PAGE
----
Home / View Point / Guest Columns / The cost of marginalising Tech-Voc Education (Pt 3): corporal punishment, “weak” students and loss of teacher time

The cost of marginalising Tech-Voc Education (Pt 3): corporal punishment, “weak” students and loss of teacher time

“In the old 10%-entering-secondary-school days, some schools allowed students to follow an accelerated four-year programme to take the external examination.

“Would it not make sense to have a similar programme which provides six or maybe even seven years as the norm to cater for the weaker students or, alternatively, have specially trained teachers and smaller classes in mixed-ability groups?

“[…] One other time aspect involves the hours of work for teachers; these need to be reviewed to permit adequate time for staff meetings. At present, [there is a] loss of teaching time as staff meetings have had to be scheduled during teaching time.”

The following guest column—which is the final of three parts—was submitted to Wired868 by former Trinity College (Moka) principal Michael Clarke, who also in Curriculum Development at the Ministry of Education and was Chief Examiner for CSEC Geography until 2016:

Photo: Trinity College Moka students support their team during Coca Cola North Zone quarterfinal action against QRC at the Hasely Crawford Stadium on 13 November 2017.
(Courtesy Sean Morrison/Wired868)

It seems to me that an urgent examination needs to be made of the inputs of time in the Education System, the age at which we start school at the primary level and the length of time spent in secondary schools.

In Scotland, I have learnt, children start primary school at a slightly later age than in England where pupils enter the primary system at the same age as ours do here in T&T. In Scotland, Form 5 performance is generally better than in England.

Maybe if our children remained a little longer in pre-school, fewer children would struggle at primary level. I think it is an idea worth looking at. Our pattern of six or seven years of primary and just five guaranteed years of secondary school was established when the popular belief was that only the top 10% or so were suited for secondary education; nowadays, remember, all students are guaranteed a secondary place. And all are expected to be able to get a full certificate in the same five years as the top 10%.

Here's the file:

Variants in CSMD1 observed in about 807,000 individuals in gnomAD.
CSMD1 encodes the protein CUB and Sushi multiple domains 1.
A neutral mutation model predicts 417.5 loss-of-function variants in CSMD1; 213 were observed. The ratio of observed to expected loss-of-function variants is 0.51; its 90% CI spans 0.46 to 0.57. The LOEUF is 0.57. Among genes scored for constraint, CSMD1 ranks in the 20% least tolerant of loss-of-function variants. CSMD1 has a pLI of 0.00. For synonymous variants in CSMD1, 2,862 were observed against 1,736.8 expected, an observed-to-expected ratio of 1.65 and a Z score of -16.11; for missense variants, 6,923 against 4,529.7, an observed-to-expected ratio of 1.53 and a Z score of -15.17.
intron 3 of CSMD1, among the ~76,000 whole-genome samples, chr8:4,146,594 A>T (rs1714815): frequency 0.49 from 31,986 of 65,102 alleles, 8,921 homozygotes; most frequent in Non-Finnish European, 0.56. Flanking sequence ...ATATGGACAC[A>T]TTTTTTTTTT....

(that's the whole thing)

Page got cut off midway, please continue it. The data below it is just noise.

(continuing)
But the patch that offered secondary access to all primary school students did not make any adjustment to the time students spend in secondary schools. Does it not defy logic that a child who struggled through primary school will complete the secondary programme successfully in five years?

There was a time when 11+ pupils who had not yet learnt to read were given one year of remedial teaching on admission to secondary school and were then expected to complete the secondary programme in the next five years.

Photo: Young Matura football fans enjoy some 2015/16 National Super League action at the Matura Recreation Ground.
(Courtesy Nicholas Bhajan/Wired868)

It may be possible to do so but that would require lower teacher-pupil ratios and some adjustment in teaching methods. The System did not provide that. Is that not patently unjust?

In the old 10%-entering-secondary-school days, some schools allowed students to follow an accelerated four-year programme to take the external examination. Would it not make sense to have a similar programme which provides six or maybe even seven years as the norm to cater for the weaker students or, alternatively, have specially trained teachers and smaller classes in mixed-ability groups?

Given the continuing heavy investment in Education—again the biggest beneficiary of the 2018-19 Budget—we owe it to ourselves to research the best time for schooling.

But I suspect that that is yet another change that the System will resist even if the research suggests the need for change.